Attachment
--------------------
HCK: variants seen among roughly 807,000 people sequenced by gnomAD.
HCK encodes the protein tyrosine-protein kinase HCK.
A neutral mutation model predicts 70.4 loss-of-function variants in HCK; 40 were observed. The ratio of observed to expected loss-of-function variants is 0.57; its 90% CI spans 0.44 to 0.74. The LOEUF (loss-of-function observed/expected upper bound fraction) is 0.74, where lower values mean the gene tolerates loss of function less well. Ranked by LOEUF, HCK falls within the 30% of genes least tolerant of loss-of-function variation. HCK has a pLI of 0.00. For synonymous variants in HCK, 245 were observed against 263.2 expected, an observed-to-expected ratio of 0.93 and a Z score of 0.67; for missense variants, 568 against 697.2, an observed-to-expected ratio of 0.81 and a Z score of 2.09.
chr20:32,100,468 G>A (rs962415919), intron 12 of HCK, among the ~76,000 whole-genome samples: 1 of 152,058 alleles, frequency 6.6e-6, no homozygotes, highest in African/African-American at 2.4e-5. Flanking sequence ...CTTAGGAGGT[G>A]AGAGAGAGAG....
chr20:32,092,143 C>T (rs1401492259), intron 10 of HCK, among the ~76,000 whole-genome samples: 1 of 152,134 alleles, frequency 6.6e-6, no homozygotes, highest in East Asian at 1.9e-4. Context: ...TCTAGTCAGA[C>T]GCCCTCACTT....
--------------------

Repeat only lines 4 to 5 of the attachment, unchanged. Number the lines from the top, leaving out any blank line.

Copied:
chr20:32,100,468 G>A (rs962415919), intron 12 of HCK, among the ~76,000 whole-genome samples: 1 of 152,058 alleles, frequency 6.6e-6, no homozygotes, highest in African/African-American at 2.4e-5. Flanking sequence ...CTTAGGAGGT[G>A]AGAGAGAGAG....
chr20:32,092,143 C>T (rs1401492259), intron 10 of HCK, among the ~76,000 whole-genome samples: 1 of 152,134 alleles, frequency 6.6e-6, no homozygotes, highest in East Asian at 1.9e-4. Context: ...TCTAGTCAGA[C>T]GCCCTCACTT....